Andrew Huszar is a former Fed official. In 2009 and 2010, he managed its $1.25 trillion mortgaged-backed security purchase program.
He’s a former Morgan Stanley managing director. He’s currently a Rutgers Business School senior fellow. He’s a QE confessor.
He witnessed Bernanke’s scam up close and personal. It benefits Wall Street. It ignores Main Street. Bernanke planned it that way.
Investopedia calls QE “monetary policy used to increase the money supply by buying government securities or other securities from the market.”
It’s supposed to “increase the money supply by flooding financial institutions with capital, in an effort to promote increased lending and liquidity.”
According to Ellen Brown, QE contracted the money supply. It did so “by sucking up the collateral needed by the shadow banking system to create credit.”
It’s just an “asset swap.” Assets for cash reserves “never leave bank balance sheets.”
QE is counterproductive. It’s self-defeating. It constrains economic growth. It doesn’t create jobs. It benefits Wall Street at the expense of Main Street.
It works when used constructively. Money injected responsibly into the economy creates growth. It creates jobs. When people have money they spend it.
A virtuous cycle of prosperity is possible. America once was sustainably prosperous. Today it’s heading for a slow-motion train wreck.
Former Reagan administration Office of Management and Budget Director David Stockman calls QE “high grade monetary heroin.”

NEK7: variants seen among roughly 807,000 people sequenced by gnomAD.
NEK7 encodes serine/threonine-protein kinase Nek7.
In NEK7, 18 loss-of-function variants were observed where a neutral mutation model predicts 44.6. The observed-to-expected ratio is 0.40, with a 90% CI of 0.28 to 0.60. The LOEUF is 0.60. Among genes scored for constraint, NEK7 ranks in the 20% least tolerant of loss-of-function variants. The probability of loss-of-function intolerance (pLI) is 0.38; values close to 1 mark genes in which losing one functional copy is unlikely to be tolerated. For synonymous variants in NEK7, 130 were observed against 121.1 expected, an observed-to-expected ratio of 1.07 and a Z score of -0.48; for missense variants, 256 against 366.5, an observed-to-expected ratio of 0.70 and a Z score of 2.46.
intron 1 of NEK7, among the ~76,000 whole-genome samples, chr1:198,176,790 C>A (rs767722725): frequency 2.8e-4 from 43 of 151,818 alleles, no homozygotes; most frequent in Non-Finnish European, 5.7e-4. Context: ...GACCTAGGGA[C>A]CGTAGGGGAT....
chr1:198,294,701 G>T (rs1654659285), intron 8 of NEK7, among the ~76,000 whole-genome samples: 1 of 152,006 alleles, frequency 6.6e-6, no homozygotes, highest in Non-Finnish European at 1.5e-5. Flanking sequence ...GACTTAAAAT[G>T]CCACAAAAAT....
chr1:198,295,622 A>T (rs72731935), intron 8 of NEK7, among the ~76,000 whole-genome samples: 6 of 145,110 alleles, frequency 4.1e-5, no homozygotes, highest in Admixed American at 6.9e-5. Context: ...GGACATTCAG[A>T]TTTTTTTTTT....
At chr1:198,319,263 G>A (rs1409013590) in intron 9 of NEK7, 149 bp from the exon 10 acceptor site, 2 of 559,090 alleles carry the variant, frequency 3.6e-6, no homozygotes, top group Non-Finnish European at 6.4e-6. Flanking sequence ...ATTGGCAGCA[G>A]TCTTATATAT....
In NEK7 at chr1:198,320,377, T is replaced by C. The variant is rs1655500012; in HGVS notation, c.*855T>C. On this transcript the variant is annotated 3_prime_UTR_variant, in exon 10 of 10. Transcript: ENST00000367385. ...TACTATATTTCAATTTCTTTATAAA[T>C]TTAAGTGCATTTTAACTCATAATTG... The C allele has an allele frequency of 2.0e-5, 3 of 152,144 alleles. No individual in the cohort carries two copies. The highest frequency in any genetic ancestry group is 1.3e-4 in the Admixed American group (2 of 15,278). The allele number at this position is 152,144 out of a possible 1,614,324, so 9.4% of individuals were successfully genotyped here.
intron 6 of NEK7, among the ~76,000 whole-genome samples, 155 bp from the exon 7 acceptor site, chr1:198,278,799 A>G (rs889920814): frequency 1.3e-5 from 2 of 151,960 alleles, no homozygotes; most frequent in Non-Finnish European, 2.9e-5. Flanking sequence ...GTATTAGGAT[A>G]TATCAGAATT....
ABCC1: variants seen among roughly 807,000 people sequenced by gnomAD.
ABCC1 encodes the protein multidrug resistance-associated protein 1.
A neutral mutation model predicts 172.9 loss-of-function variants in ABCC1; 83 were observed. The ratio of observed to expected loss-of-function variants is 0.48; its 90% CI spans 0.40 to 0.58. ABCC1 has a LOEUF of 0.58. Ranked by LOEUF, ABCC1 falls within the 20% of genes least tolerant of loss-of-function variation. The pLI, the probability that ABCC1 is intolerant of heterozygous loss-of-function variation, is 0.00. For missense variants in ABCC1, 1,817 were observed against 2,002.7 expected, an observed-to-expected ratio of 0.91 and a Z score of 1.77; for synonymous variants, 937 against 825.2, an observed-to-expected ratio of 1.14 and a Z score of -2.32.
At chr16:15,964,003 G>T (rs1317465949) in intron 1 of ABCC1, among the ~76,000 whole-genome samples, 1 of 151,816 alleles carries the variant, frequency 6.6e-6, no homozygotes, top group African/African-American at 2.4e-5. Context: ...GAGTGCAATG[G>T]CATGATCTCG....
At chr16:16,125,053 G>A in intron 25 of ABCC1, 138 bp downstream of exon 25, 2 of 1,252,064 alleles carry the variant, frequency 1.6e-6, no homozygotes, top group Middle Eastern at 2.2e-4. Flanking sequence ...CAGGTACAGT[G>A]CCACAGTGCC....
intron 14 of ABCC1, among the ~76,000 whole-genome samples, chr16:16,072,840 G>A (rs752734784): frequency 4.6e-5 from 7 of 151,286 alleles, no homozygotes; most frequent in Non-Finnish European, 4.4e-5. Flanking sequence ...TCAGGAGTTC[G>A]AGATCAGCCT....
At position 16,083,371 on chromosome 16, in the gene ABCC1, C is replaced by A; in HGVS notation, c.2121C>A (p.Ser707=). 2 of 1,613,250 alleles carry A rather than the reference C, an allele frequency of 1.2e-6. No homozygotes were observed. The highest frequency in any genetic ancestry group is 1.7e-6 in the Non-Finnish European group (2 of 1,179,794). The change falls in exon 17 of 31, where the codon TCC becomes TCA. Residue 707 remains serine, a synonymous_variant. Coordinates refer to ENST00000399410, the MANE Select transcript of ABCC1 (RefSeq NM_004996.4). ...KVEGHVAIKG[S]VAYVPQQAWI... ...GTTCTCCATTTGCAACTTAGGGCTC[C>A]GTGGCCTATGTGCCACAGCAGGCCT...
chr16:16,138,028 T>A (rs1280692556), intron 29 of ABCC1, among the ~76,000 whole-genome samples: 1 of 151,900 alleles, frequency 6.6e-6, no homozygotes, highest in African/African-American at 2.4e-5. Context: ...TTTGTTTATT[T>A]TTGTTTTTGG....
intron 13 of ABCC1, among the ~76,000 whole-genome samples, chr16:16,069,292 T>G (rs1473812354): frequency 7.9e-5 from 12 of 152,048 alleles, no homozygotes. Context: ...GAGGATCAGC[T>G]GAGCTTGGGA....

One day, it’ll “kill the patient,” he says. It’s the closest thing to “legalized bank robbery.” It robs poor Peter to benefit rich Paul. It’s recklessly out-of-control.
Dallas Fed president Richard Fisher agrees with Stockman. “QE can’t go on forever because (it’ll) kill the patient,” he said.
Bernanke, Yellen and other Fed governors apparently disagree. Pedal to the metal QE defines Fed policy.
What can’t go on forever, won’t. The longer bad policy continues, the worse the stiff result when it ends.
Reckless Fed policy was initiated. It continues out-of-control. Huszar apologized. On November 11, he headlined his Wall Street Journal op-ed “Confessions of a Quantitative Easier.” He began saying:
“I can only say: I’m sorry, America.”
“As a former Federal Reserve official, I was responsible for executing the centerpiece program of the Fed’s first plunge into the bond-buying experiment known as quantitative easing.”
“The central bank continues to spin QE as a tool for helping Main Street.”
Baloney! Bernanke and other Fed governors lied. The Fed isn’t federal. It’s privately owned. Major banks run it. They control policy.
Wall Street’s infested with criminals. Grand theft is official policy. Corporate crooks aren’t prosecuted. Money power runs America. Major Wall Street banks do most of all.
They play by their own rules. They control Fed policy. Money printing madness enriches them. It does so at the expense of Main Street.
On Wall Street, past is prologue. New scams follow old ones. Washington acts as facilitator. Regulators look the other way. Business as usual continues.
Bernanke is Wall Street’s hired hand. So is Janet Yellen. She’ll replace him when he steps down in January.
On November 14, she testified before the Senate Banking, Housing and Urban Affairs Committee. She lied saying “the economy is significantly stronger and continues to improve.”
She ignored a protracted Main Street Depression. She lied again saying “the Federal Reserve is using its monetary policy tools to promote a more robust recovery.”